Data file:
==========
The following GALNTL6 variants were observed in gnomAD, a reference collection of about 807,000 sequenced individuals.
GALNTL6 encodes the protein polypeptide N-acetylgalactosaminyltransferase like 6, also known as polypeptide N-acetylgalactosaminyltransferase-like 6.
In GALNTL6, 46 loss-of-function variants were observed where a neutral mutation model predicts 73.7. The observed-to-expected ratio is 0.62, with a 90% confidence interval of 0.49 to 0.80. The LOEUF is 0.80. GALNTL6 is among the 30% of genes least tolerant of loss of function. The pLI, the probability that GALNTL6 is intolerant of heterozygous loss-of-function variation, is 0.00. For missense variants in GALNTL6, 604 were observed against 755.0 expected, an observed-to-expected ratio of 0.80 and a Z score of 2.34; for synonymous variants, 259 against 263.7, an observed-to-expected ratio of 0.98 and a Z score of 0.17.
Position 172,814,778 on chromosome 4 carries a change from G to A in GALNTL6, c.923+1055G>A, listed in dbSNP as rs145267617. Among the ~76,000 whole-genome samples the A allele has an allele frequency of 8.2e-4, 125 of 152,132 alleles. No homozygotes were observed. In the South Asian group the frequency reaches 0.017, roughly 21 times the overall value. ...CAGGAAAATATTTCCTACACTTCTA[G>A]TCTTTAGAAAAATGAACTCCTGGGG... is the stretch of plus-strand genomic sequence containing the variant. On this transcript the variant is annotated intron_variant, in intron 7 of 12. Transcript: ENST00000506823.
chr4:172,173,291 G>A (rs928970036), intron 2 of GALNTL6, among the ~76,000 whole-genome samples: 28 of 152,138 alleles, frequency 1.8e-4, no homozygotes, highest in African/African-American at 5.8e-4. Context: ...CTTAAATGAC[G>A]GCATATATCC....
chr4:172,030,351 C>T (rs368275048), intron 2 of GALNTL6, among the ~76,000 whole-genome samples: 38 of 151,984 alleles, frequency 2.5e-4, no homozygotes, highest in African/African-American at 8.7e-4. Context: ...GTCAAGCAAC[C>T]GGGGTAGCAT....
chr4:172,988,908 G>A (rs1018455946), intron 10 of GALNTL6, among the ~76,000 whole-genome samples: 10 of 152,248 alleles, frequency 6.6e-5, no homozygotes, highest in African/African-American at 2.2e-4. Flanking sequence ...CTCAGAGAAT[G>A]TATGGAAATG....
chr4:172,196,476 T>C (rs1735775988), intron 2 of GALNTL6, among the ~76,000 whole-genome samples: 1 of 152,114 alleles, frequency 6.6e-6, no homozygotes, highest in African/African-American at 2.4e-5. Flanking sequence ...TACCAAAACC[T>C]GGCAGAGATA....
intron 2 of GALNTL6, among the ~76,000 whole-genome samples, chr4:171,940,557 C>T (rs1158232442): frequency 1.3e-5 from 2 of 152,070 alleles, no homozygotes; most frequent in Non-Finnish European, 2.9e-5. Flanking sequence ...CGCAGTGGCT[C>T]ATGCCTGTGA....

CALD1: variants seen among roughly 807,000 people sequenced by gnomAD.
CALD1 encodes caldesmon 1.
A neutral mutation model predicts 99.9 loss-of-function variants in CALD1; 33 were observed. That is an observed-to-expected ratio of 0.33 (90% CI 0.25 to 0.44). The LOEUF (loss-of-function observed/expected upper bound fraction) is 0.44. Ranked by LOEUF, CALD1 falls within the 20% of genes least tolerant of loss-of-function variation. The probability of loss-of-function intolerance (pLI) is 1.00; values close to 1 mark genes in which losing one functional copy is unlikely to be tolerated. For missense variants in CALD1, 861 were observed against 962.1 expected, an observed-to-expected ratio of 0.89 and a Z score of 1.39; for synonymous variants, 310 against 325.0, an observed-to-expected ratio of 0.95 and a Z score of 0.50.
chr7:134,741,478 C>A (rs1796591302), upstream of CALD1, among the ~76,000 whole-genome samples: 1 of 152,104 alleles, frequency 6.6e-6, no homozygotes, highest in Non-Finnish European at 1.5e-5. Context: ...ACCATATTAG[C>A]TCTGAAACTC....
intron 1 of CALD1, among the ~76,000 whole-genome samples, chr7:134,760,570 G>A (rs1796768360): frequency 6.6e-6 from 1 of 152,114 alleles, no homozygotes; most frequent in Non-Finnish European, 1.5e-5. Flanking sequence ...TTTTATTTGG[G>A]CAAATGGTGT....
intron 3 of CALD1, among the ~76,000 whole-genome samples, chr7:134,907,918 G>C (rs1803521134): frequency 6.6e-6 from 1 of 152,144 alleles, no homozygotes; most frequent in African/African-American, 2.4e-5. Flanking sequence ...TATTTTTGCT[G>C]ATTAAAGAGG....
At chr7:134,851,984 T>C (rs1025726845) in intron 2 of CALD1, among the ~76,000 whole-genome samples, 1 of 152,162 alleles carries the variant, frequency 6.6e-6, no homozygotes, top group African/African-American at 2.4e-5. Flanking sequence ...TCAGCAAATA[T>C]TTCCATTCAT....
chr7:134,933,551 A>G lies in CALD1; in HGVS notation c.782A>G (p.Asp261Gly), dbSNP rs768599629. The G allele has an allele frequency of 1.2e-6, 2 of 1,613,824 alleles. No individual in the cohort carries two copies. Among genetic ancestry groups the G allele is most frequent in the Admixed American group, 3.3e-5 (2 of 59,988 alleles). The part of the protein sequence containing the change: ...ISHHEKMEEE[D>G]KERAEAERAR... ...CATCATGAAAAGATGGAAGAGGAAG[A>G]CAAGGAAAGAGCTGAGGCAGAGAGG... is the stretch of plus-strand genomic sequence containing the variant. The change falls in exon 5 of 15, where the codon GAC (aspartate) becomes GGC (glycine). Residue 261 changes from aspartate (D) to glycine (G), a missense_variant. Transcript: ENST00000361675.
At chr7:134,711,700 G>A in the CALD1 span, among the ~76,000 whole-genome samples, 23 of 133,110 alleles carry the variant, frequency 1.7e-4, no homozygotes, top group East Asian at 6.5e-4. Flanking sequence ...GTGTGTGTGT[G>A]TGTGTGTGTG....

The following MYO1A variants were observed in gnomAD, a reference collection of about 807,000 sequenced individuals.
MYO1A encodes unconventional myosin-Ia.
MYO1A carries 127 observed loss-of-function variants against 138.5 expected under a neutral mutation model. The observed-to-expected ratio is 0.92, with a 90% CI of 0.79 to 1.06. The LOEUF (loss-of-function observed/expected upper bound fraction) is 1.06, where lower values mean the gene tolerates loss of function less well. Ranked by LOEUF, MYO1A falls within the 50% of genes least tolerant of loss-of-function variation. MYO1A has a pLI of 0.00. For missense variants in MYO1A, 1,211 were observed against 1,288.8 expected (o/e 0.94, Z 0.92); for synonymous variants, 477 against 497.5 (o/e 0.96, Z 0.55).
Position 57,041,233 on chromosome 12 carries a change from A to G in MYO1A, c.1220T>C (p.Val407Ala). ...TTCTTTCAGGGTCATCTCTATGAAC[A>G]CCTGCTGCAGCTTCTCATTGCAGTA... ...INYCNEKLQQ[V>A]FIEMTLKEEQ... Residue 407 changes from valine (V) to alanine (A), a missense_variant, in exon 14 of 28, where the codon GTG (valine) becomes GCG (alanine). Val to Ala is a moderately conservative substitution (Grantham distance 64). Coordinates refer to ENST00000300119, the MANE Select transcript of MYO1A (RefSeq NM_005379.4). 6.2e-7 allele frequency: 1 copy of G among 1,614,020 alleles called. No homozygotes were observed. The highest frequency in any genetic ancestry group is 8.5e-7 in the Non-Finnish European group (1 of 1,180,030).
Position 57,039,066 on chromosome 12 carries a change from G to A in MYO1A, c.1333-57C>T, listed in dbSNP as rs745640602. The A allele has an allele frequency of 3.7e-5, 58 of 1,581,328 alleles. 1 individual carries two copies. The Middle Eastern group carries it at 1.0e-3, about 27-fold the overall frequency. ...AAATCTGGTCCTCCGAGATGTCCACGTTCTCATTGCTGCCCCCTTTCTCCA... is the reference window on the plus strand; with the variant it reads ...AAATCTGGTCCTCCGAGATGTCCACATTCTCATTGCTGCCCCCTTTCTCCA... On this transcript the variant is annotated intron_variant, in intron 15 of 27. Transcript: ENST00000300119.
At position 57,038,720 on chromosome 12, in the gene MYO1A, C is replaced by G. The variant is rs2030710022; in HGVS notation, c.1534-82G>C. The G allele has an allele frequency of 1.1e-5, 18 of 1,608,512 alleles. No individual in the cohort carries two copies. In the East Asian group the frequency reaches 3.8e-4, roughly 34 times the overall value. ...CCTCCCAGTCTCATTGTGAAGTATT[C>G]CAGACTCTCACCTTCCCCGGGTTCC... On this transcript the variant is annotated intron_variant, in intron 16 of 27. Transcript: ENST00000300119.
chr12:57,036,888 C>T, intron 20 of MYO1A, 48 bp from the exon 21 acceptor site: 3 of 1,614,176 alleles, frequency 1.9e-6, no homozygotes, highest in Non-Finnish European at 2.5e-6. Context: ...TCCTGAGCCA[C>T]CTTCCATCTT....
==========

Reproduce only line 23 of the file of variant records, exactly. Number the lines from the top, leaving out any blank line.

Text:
Position 57,039,066 on chromosome 12 carries a change from G to A in MYO1A, c.1333-57C>T, listed in dbSNP as rs745640602. The A allele has an allele frequency of 3.7e-5, 58 of 1,581,328 alleles. 1 individual carries two copies. The Middle Eastern group carries it at 1.0e-3, about 27-fold the overall frequency. ...AAATCTGGTCCTCCGAGATGTCCACGTTCTCATTGCTGCCCCCTTTCTCCA... is the reference window on the plus strand; with the variant it reads ...AAATCTGGTCCTCCGAGATGTCCACATTCTCATTGCTGCCCCCTTTCTCCA... On this transcript the variant is annotated intron_variant, in intron 15 of 27. Transcript: ENST00000300119.